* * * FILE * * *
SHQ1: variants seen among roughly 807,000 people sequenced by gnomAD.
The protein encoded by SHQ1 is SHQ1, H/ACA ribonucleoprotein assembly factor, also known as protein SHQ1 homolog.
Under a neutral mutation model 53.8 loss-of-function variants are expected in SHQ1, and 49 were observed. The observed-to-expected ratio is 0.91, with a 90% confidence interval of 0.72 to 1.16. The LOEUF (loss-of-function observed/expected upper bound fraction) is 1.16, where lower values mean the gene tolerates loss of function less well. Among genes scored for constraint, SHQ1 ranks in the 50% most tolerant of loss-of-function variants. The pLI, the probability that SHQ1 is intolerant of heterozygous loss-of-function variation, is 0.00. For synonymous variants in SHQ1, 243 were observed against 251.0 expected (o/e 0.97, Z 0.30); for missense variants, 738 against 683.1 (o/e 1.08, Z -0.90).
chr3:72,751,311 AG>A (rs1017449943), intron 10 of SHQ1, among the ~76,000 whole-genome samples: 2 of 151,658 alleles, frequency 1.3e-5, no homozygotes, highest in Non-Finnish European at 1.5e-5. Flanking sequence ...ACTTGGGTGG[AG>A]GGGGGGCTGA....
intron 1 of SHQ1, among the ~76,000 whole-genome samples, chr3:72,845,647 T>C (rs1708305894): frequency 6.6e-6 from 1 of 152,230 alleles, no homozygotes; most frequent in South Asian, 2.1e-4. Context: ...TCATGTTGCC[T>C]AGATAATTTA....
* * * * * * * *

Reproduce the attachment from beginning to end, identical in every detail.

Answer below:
SHQ1: variants seen among roughly 807,000 people sequenced by gnomAD.
The protein encoded by SHQ1 is SHQ1, H/ACA ribonucleoprotein assembly factor, also known as protein SHQ1 homolog.
Under a neutral mutation model 53.8 loss-of-function variants are expected in SHQ1, and 49 were observed. The observed-to-expected ratio is 0.91, with a 90% confidence interval of 0.72 to 1.16. The LOEUF (loss-of-function observed/expected upper bound fraction) is 1.16, where lower values mean the gene tolerates loss of function less well. Among genes scored for constraint, SHQ1 ranks in the 50% most tolerant of loss-of-function variants. The pLI, the probability that SHQ1 is intolerant of heterozygous loss-of-function variation, is 0.00. For synonymous variants in SHQ1, 243 were observed against 251.0 expected (o/e 0.97, Z 0.30); for missense variants, 738 against 683.1 (o/e 1.08, Z -0.90).
chr3:72,751,311 AG>A (rs1017449943), intron 10 of SHQ1, among the ~76,000 whole-genome samples: 2 of 151,658 alleles, frequency 1.3e-5, no homozygotes, highest in Non-Finnish European at 1.5e-5. Flanking sequence ...ACTTGGGTGG[AG>A]GGGGGGCTGA....
intron 1 of SHQ1, among the ~76,000 whole-genome samples, chr3:72,845,647 T>C (rs1708305894): frequency 6.6e-6 from 1 of 152,230 alleles, no homozygotes; most frequent in South Asian, 2.1e-4. Context: ...TCATGTTGCC[T>C]AGATAATTTA....